Working together to help people age well

A team of clinicians, representatives from hospitals, local VCSE sector groups, care homes and community providers are overseeing a programme of work for the BSW Partnership to help local older people receive the best care.

BSW Partnership’s Ageing Well workstream is pulling together a number of projects all designed to ensure people receive the care they want, as close to home as possible and avoid the risks for older people associated with long stays in hospital.

Dr Robin Fackrell, a Consultant Physician and Parkinson’s Disease Specialist and Associate Medical Director for Ageing Well & Frailty at the BSW Partnership said the broad programme of work was designed to help people live their best lives as they get older.

“People are living longer and therefore have an increased likelihood of becoming frailer. The population in BSW is 4.5 years older than the national average, so we are facing a silver tsunami of ageing and frailty.

“As a health and care system, we need to focus on keeping older people healthy. We also need to think about how we can do things differently by providing individualised care closer to older people’s homes, rather than bringing them to hospital which can be a detrimental environment for them.”

Work under way as part of the Ageing Well programme includes several projects, pilot projects and new initiatives all designed to give older people more choices about their own health and care.

One initiative has seen a single standardised form introduced across health and care services in BSW which allows people approaching the end of their lives to set out what they want to happen to them in an emergency health situation.

The Recommended Summary Plan for Emergency Care and Treatment (ReSPECT) form is a patient held document, completed following discussion between a patient and a healthcare professional.

Using one form across all health and care settings in BSW will mean patient’s wishes are much more likely to be met.

Another pilot project running across five sites in BSW is focussing on the importance of making decisions about healthcare and treatment with patients in a shared way.

Shared decision making ensures patients are supported to make decisions that are right for them.  It is a collaborative process through which a clinician supports a patient to reach a decision about their treatment. The conversation brings together a clinician’s expertise, such as treatment options, evidence, risks and benefits with patient preferences, personal circumstances, goals, values and beliefs.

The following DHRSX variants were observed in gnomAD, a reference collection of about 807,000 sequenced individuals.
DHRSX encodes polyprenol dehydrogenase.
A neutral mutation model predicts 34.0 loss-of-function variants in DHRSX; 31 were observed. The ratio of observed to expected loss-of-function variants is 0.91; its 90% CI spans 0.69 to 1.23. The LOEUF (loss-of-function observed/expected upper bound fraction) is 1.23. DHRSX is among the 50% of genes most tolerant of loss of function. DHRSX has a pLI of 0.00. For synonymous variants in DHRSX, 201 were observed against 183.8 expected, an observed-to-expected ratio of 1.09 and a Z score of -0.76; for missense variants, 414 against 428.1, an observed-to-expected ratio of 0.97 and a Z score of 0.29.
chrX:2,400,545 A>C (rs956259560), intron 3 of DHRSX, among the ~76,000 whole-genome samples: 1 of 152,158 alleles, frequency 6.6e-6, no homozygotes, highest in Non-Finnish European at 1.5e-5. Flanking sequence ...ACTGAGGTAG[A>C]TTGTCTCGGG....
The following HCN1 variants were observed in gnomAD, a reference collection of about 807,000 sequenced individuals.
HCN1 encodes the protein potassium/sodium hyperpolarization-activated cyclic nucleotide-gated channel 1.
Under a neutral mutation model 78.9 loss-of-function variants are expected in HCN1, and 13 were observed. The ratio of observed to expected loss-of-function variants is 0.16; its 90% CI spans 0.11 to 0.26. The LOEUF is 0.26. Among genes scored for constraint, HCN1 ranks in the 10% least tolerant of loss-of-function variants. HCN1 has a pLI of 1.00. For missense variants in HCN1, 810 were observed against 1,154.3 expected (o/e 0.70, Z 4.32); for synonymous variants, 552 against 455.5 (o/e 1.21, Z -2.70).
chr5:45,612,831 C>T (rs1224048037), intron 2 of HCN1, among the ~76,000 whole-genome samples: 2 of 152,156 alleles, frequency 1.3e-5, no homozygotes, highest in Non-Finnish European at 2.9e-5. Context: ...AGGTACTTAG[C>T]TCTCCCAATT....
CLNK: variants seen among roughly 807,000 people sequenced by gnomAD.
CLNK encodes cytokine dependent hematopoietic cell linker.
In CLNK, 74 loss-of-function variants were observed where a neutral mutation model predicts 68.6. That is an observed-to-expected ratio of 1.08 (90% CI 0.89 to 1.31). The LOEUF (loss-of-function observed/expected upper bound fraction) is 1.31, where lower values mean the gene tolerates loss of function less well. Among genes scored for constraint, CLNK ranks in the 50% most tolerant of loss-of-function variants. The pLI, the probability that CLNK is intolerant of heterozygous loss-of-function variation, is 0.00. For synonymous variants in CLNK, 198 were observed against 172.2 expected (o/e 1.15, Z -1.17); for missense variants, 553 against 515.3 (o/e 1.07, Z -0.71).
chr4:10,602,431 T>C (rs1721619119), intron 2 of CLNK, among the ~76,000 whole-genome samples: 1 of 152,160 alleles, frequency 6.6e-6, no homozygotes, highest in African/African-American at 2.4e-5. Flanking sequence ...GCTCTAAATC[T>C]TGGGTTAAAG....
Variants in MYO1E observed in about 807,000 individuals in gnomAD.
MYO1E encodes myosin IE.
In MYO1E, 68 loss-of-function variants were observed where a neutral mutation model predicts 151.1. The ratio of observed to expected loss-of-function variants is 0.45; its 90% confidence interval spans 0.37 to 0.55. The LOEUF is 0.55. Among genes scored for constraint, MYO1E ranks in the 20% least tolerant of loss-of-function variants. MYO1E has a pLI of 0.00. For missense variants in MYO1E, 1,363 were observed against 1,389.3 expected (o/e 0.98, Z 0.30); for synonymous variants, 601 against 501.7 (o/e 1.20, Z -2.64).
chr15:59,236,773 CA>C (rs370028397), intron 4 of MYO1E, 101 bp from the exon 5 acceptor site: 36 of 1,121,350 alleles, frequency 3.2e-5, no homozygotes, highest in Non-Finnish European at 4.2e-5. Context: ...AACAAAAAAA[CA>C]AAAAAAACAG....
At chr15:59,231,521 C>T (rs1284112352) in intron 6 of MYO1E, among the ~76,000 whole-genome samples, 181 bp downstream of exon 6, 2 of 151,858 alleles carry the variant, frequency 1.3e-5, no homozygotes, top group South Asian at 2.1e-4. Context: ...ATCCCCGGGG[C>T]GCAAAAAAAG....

The Ageing Well team at BSW Partnership would like to hear about your experiences of ageing. Please send any comments and thoughts about your own experiences to

Making choices for end-of-life care

Although it is a difficult thing to think about, what happens to all of us in terms of health and care at the end of our lives is important and the Ageing Well programme in BSW is all about making sure those experiences are as good as they can be.

Dr Robin Fackrell shares one patient’s journey to show how things should be.

“We were seeing a woman with heart failure, kidney disease and diabetes who was very frail. These are difficult diseases to manage together. When we found out the patient was having difficulty getting out of bed and was deteriorating, one route would have been to have her admitted to hospital, and another would be to take the necessary steps to treat her at home. It was clear to us that she wanted to be in her own home.

Through a pilot project – the Swindon community frailty virtual ward which is now called Enhanced Health @Home – and an urgent assessment, the patient was set up at home with monitoring equipment. She was monitored by the community nursing team and regular calls between the community matron and geriatricians at the Great Western Hospital in Swindon.

The patient did eventually get worse, so we brought in help from a local hospice – Prospect House  – and district nurses to make sure the patient had access to the right medication and support.

Sadly, the patient passed away, but she did so in her own bed, with her daughter, feeling well supported and in her home environment. This was far preferable to spending a long period of time in hospital.”